“Nobody with experience with a firearm would shoot that poorly”


Some of the first shots have been fired in the battle over dueling gun initiatives slated for the November ballot.

A used target, the type found at a shooting range, was left on the League of Women Voters’ doorstep in Seattle earlier this month.

Last week, another one was found. In a news release, the league pointed out they have endorsed Initiative 594, which would expand background checks on gun purchases made online or at gun shows. And they called on proponents of Initiative 591, the counter measure, to publicly reject the acts of “intimidation.”

But Alan Gottlieb, who is one of the key backers of I-591, which would prohibit the expansion of background checks beyond what currently exists, said there is no way anybody from “his side” left those targets.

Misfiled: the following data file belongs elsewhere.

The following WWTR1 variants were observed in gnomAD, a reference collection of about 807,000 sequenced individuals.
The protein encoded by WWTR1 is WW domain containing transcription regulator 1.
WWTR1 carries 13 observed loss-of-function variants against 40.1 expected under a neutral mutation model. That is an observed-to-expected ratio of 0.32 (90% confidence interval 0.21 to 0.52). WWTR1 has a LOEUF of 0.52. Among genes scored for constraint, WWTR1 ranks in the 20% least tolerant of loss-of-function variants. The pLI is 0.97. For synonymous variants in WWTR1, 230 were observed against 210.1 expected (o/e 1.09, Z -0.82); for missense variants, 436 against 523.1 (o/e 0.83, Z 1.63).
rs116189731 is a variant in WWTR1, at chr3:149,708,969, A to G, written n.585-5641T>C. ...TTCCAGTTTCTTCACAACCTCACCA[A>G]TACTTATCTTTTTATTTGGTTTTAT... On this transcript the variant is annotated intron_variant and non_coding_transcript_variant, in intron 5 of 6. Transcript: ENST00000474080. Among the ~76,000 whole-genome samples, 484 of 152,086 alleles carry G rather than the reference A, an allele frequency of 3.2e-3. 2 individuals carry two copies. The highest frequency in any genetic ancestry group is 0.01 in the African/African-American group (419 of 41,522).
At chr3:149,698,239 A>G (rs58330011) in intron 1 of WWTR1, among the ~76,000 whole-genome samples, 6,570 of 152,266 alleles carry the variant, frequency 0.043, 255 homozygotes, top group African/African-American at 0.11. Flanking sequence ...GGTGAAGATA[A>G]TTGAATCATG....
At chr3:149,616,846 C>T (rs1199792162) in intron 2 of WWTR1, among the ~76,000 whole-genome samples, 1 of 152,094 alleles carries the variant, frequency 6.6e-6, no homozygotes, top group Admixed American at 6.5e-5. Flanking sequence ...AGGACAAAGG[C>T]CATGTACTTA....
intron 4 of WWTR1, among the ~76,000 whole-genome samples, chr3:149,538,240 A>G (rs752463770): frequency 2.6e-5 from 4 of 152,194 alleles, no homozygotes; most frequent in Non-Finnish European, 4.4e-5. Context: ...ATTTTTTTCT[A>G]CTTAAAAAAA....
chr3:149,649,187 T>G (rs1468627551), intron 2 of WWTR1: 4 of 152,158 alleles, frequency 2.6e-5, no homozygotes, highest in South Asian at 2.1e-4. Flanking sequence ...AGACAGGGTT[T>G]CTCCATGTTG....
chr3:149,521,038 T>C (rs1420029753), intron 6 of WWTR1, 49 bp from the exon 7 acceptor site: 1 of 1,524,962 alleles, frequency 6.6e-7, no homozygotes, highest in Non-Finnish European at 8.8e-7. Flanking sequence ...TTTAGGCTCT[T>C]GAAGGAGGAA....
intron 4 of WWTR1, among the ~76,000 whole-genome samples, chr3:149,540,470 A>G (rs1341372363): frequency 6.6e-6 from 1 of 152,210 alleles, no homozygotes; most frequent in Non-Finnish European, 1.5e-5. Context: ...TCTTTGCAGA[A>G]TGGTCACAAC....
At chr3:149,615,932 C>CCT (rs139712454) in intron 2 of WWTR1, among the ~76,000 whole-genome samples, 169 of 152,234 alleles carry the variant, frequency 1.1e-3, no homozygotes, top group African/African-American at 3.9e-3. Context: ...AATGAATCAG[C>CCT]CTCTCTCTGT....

“Nobody with experience with a firearm would shoot that poorly,” Gottlieb said.

And he said, he would love to loan league members a firearm if they are “feeling threatened.”

But he added, if I-594 were to pass, he wouldn’t be able to loan anyone from the league a firearm.

The league, a nonpartisan group, wrote their members are, “committed to finding solutions to gun violence, not downplaying it or making light of it,” said Kim Abel, President of the League of Women Voters Washington (LWVWA).

 A recent poll showed the measure expanding background checks is gaining support. 

The Seattle Police Department is investigating the incidents.

(The photo above is a picture of the targets found in Seattle.)

Lauren Dake

Lauren Dake

Lauren Dake covers politics for The Columbian. You can reach her at 360-735-4534 or lauren.dake@columbian.com. Follow her on Twitter .

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